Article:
In the iDrive, BMW delivered one of the very first comprehensive infotainment systems. Back in the day the performance was still quite rocky and awkward, but the auto giant has learnt through trial and error and these days it’s one of the best around. The system has evolved into a sophisticated, smooth user experience.   The design and organisation is now quite user-friendly. Newer versions feature larger Head-Up displays in front of the driver, with the X3 crossover even allowing users to customise the interface by moving tiles around. The graphics are clear and crisp with legible texts and icons to minimize distraction. Overall, there’s very little fuss in doing what you need to do. Most of the BMW models offer many other features. These include:
  • Both Apple CarPlay and Android Auto.
  • Remote services through the BMW Connected App, which allows you to locate your vehicle, unlock your doors or turn on ventilation.
  • A satellite navigation system with real-time traffic reports.
  • A reversing camera and parking assistance.
  • Support from Alexa.
Control wise, the iDrive has a joystick-type rotary controller knob, coupled with a few handy shortcut buttons. This makes it a little easier for the driver to pilot the system menu, as opposed to continuously tapping away at a touchscreen.  Should you choose not to use your hands at all, there is also an intuitive voice control option. The really big thing here is the gesture control, which first appeared in the 5 and 7-series. It allows drivers to perform a variety of functions via simple hand motions, such as answering or rejecting calls or adjusting the volume. An added benefit is the ability to programme your own customised gestures.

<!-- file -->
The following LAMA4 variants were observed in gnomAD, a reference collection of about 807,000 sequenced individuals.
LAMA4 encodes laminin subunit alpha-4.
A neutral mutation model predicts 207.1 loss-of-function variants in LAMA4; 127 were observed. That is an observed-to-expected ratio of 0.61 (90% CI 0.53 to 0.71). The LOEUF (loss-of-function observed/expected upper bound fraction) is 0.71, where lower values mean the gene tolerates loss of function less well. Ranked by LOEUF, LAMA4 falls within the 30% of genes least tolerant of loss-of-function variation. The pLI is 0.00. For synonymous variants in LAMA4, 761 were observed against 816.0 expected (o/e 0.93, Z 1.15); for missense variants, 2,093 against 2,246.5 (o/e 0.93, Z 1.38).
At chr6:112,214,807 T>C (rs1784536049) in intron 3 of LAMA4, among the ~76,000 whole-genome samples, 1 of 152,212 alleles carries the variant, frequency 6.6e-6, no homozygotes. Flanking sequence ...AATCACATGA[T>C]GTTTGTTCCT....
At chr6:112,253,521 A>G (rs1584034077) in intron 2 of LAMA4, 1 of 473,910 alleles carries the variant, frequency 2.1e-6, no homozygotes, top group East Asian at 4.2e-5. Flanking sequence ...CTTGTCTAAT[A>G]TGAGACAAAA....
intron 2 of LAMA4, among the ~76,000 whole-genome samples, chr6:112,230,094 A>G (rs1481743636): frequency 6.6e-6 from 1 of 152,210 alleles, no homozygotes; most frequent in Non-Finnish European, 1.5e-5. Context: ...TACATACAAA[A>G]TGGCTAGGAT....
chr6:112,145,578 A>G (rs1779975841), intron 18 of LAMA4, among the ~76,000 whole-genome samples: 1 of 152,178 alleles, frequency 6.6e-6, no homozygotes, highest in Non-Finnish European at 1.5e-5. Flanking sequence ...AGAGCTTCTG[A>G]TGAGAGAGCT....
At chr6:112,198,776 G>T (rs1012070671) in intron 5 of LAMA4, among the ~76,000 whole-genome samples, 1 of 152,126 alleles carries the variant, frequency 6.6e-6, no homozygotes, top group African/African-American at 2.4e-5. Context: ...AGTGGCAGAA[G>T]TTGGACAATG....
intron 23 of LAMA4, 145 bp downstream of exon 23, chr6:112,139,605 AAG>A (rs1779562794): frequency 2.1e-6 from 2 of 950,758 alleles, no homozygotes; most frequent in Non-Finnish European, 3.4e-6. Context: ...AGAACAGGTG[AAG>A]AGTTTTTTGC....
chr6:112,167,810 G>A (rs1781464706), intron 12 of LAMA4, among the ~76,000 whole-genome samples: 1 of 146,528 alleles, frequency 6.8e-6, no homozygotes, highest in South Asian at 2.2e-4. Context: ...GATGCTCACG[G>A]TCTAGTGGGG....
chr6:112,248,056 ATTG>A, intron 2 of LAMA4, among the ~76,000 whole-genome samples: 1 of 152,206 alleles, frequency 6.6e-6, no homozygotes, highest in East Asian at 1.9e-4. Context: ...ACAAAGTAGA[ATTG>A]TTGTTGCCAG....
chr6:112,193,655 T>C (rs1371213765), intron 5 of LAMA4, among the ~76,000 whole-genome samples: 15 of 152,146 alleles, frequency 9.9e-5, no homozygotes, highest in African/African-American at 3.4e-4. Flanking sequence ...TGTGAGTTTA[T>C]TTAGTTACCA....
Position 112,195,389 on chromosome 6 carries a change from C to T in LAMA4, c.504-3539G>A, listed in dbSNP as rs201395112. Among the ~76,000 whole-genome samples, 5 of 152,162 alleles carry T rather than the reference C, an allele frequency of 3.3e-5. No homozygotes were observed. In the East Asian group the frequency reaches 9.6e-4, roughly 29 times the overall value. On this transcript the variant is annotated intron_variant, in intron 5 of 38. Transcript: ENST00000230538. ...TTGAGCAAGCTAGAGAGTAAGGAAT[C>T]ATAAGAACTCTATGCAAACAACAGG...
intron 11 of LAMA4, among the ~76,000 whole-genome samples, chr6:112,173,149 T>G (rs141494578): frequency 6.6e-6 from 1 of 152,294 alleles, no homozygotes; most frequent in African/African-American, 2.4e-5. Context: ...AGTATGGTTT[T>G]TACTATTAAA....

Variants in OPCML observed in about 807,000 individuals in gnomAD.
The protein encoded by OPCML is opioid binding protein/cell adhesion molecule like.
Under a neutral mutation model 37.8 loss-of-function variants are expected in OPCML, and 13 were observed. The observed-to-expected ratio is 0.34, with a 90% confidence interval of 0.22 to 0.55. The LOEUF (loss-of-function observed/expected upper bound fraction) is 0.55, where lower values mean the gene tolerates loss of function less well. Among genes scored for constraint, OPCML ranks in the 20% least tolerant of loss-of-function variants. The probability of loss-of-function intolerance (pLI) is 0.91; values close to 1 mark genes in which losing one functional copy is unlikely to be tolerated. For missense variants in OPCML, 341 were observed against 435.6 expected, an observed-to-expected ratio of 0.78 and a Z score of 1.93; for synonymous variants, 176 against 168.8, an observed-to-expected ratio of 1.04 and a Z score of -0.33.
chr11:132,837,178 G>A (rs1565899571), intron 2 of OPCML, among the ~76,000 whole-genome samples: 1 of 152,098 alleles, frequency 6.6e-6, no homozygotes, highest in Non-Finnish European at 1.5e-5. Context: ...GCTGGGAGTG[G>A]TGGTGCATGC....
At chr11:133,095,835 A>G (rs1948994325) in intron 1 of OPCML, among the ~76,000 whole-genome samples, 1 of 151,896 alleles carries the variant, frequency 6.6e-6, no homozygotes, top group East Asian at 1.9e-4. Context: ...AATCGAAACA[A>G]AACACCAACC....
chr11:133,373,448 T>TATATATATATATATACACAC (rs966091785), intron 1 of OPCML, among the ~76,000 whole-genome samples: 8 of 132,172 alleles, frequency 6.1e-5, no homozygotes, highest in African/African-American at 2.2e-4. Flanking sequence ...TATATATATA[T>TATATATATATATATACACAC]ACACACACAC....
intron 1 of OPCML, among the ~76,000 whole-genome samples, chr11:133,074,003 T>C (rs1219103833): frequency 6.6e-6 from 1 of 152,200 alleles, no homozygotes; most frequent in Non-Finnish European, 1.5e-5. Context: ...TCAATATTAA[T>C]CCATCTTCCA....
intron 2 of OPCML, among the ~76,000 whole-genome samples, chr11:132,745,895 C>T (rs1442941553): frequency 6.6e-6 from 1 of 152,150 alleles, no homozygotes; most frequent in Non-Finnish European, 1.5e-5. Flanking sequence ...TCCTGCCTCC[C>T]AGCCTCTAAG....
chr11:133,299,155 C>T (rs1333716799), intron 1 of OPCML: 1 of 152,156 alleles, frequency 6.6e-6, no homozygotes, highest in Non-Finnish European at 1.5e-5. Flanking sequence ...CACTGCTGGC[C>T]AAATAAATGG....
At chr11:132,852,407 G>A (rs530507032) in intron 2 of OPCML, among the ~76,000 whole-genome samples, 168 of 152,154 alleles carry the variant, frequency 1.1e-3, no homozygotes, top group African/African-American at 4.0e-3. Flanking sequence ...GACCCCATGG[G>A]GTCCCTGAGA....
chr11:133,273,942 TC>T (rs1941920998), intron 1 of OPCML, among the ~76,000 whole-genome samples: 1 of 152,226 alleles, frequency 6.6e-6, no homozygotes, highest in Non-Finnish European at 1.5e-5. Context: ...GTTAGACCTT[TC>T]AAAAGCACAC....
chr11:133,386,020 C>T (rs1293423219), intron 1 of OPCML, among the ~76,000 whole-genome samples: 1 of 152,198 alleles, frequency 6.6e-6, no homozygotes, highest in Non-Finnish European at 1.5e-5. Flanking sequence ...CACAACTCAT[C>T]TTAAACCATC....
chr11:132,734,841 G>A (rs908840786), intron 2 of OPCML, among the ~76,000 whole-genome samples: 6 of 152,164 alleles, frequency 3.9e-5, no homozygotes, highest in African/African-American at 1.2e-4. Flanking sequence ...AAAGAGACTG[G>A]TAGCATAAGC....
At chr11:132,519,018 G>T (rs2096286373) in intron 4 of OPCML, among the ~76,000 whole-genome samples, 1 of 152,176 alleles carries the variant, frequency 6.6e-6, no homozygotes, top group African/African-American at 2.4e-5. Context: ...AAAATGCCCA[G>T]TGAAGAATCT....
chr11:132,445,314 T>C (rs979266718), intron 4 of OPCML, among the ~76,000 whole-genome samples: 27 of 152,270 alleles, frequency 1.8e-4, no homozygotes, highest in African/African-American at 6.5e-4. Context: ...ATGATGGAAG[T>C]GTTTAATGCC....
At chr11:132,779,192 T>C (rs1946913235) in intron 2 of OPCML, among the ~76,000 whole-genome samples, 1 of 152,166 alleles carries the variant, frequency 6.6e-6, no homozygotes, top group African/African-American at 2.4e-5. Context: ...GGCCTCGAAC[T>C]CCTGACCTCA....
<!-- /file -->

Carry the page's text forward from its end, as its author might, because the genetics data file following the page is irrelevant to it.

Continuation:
SYNC3 – Ford

And the winner of the most improved award goes to… Here’s a system which will resonate with far more people. Now, Ford’s previous attempts at touch screen systems were legendarily terrible. Luckily, that’s no longer the case. The SYNC3 system has addressed many of the harsh criticisms reserved for older units, vastly improving on the lagging system, slow response times and lack of intuition. There are now larger on-screen buttons which are easier to hit on the move, well-labelled icons and bigger volume and tuning knobs. Navigation of the 8-inch screen interface is similar to a smartphone, with pinch-to-zoom and swipe functions. This screen can also be split into different sections in order to display multiple sources of info at the same time. Adding to that, there is also a voice command system which allows the driver to communicate more naturally. Other features found in certain vehicles:
  • Apple CarPlay and Android Auto.
  • Support from Amazon’s Alexa.
  • WiFi hotspots.
  • Adaptive cruise control.
  • Satellite navigation and 3D mapping.
  • Rear parking camera.
  • Electric heated seats and steering wheel.